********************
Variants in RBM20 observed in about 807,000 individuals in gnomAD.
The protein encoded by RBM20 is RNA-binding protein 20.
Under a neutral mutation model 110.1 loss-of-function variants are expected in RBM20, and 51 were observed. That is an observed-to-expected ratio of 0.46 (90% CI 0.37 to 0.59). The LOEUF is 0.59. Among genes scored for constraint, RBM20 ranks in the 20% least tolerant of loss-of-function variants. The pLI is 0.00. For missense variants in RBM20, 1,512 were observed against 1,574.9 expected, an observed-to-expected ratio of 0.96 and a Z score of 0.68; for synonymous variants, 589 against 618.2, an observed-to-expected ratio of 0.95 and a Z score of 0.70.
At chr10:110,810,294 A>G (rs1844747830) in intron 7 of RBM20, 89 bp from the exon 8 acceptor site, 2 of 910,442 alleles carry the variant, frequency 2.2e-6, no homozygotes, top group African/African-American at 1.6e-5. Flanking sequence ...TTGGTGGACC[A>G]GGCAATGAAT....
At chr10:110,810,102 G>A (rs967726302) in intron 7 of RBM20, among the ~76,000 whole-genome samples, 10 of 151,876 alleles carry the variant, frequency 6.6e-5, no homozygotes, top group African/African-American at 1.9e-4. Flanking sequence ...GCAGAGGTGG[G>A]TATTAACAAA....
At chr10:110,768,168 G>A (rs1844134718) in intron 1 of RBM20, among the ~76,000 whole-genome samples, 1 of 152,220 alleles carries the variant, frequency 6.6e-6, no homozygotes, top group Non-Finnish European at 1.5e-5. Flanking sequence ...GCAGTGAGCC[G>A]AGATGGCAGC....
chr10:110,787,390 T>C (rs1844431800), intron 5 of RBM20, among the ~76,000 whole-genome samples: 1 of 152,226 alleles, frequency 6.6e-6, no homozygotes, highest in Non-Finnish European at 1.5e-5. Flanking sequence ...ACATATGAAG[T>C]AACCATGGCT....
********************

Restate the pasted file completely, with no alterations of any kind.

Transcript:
Variants in RBM20 observed in about 807,000 individuals in gnomAD.
The protein encoded by RBM20 is RNA-binding protein 20.
Under a neutral mutation model 110.1 loss-of-function variants are expected in RBM20, and 51 were observed. That is an observed-to-expected ratio of 0.46 (90% CI 0.37 to 0.59). The LOEUF is 0.59. Among genes scored for constraint, RBM20 ranks in the 20% least tolerant of loss-of-function variants. The pLI is 0.00. For missense variants in RBM20, 1,512 were observed against 1,574.9 expected, an observed-to-expected ratio of 0.96 and a Z score of 0.68; for synonymous variants, 589 against 618.2, an observed-to-expected ratio of 0.95 and a Z score of 0.70.
At chr10:110,810,294 A>G (rs1844747830) in intron 7 of RBM20, 89 bp from the exon 8 acceptor site, 2 of 910,442 alleles carry the variant, frequency 2.2e-6, no homozygotes, top group African/African-American at 1.6e-5. Flanking sequence ...TTGGTGGACC[A>G]GGCAATGAAT....
At chr10:110,810,102 G>A (rs967726302) in intron 7 of RBM20, among the ~76,000 whole-genome samples, 10 of 151,876 alleles carry the variant, frequency 6.6e-5, no homozygotes, top group African/African-American at 1.9e-4. Flanking sequence ...GCAGAGGTGG[G>A]TATTAACAAA....
At chr10:110,768,168 G>A (rs1844134718) in intron 1 of RBM20, among the ~76,000 whole-genome samples, 1 of 152,220 alleles carries the variant, frequency 6.6e-6, no homozygotes, top group Non-Finnish European at 1.5e-5. Flanking sequence ...GCAGTGAGCC[G>A]AGATGGCAGC....
chr10:110,787,390 T>C (rs1844431800), intron 5 of RBM20, among the ~76,000 whole-genome samples: 1 of 152,226 alleles, frequency 6.6e-6, no homozygotes, highest in Non-Finnish European at 1.5e-5. Flanking sequence ...ACATATGAAG[T>C]AACCATGGCT....